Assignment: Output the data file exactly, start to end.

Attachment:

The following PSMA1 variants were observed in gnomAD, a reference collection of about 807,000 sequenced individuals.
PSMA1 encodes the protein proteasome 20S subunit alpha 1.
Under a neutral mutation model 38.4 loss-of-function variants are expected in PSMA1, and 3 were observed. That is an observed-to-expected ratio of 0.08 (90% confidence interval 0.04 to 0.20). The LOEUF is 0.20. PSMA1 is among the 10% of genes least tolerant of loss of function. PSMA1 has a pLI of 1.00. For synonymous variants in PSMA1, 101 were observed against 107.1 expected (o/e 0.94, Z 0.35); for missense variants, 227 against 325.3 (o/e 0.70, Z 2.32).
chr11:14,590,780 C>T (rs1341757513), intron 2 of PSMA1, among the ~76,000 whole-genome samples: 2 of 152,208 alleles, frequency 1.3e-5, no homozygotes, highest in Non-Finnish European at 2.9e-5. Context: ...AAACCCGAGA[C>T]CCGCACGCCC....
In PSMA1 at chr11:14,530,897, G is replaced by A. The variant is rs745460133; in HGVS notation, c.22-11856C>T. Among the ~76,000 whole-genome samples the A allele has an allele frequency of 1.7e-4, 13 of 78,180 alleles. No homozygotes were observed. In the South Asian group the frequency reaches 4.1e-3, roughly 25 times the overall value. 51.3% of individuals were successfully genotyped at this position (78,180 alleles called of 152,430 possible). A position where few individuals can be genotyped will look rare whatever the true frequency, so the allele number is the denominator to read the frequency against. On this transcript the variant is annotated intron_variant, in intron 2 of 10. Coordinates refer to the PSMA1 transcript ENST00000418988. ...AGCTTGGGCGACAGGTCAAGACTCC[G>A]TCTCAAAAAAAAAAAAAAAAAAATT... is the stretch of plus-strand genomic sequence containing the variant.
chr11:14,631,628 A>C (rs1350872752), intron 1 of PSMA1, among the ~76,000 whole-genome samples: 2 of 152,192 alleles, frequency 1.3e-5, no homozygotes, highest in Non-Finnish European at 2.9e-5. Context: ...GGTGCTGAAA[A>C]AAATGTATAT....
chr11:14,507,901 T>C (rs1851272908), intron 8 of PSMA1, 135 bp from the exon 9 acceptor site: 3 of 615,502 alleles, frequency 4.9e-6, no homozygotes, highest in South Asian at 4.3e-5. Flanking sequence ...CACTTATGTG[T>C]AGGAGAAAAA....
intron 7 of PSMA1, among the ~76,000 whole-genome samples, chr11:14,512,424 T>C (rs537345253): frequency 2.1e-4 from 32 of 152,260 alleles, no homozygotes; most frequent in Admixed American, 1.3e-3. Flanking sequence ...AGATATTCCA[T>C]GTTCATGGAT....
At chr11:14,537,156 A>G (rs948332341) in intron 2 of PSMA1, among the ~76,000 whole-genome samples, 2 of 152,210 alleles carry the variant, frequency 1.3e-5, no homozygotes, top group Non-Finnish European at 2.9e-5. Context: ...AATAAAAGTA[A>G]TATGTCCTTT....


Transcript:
The following PSMA1 variants were observed in gnomAD, a reference collection of about 807,000 sequenced individuals.
PSMA1 encodes the protein proteasome 20S subunit alpha 1.
Under a neutral mutation model 38.4 loss-of-function variants are expected in PSMA1, and 3 were observed. That is an observed-to-expected ratio of 0.08 (90% confidence interval 0.04 to 0.20). The LOEUF is 0.20. PSMA1 is among the 10% of genes least tolerant of loss of function. PSMA1 has a pLI of 1.00. For synonymous variants in PSMA1, 101 were observed against 107.1 expected (o/e 0.94, Z 0.35); for missense variants, 227 against 325.3 (o/e 0.70, Z 2.32).
chr11:14,590,780 C>T (rs1341757513), intron 2 of PSMA1, among the ~76,000 whole-genome samples: 2 of 152,208 alleles, frequency 1.3e-5, no homozygotes, highest in Non-Finnish European at 2.9e-5. Context: ...AAACCCGAGA[C>T]CCGCACGCCC....
In PSMA1 at chr11:14,530,897, G is replaced by A. The variant is rs745460133; in HGVS notation, c.22-11856C>T. Among the ~76,000 whole-genome samples the A allele has an allele frequency of 1.7e-4, 13 of 78,180 alleles. No homozygotes were observed. In the South Asian group the frequency reaches 4.1e-3, roughly 25 times the overall value. 51.3% of individuals were successfully genotyped at this position (78,180 alleles called of 152,430 possible). A position where few individuals can be genotyped will look rare whatever the true frequency, so the allele number is the denominator to read the frequency against. On this transcript the variant is annotated intron_variant, in intron 2 of 10. Coordinates refer to the PSMA1 transcript ENST00000418988. ...AGCTTGGGCGACAGGTCAAGACTCC[G>A]TCTCAAAAAAAAAAAAAAAAAAATT... is the stretch of plus-strand genomic sequence containing the variant.
chr11:14,631,628 A>C (rs1350872752), intron 1 of PSMA1, among the ~76,000 whole-genome samples: 2 of 152,192 alleles, frequency 1.3e-5, no homozygotes, highest in Non-Finnish European at 2.9e-5. Context: ...GGTGCTGAAA[A>C]AAATGTATAT....
chr11:14,507,901 T>C (rs1851272908), intron 8 of PSMA1, 135 bp from the exon 9 acceptor site: 3 of 615,502 alleles, frequency 4.9e-6, no homozygotes, highest in South Asian at 4.3e-5. Flanking sequence ...CACTTATGTG[T>C]AGGAGAAAAA....
intron 7 of PSMA1, among the ~76,000 whole-genome samples, chr11:14,512,424 T>C (rs537345253): frequency 2.1e-4 from 32 of 152,260 alleles, no homozygotes; most frequent in Admixed American, 1.3e-3. Flanking sequence ...AGATATTCCA[T>C]GTTCATGGAT....
At chr11:14,537,156 A>G (rs948332341) in intron 2 of PSMA1, among the ~76,000 whole-genome samples, 2 of 152,210 alleles carry the variant, frequency 1.3e-5, no homozygotes, top group Non-Finnish European at 2.9e-5. Context: ...AATAAAAGTA[A>G]TATGTCCTTT....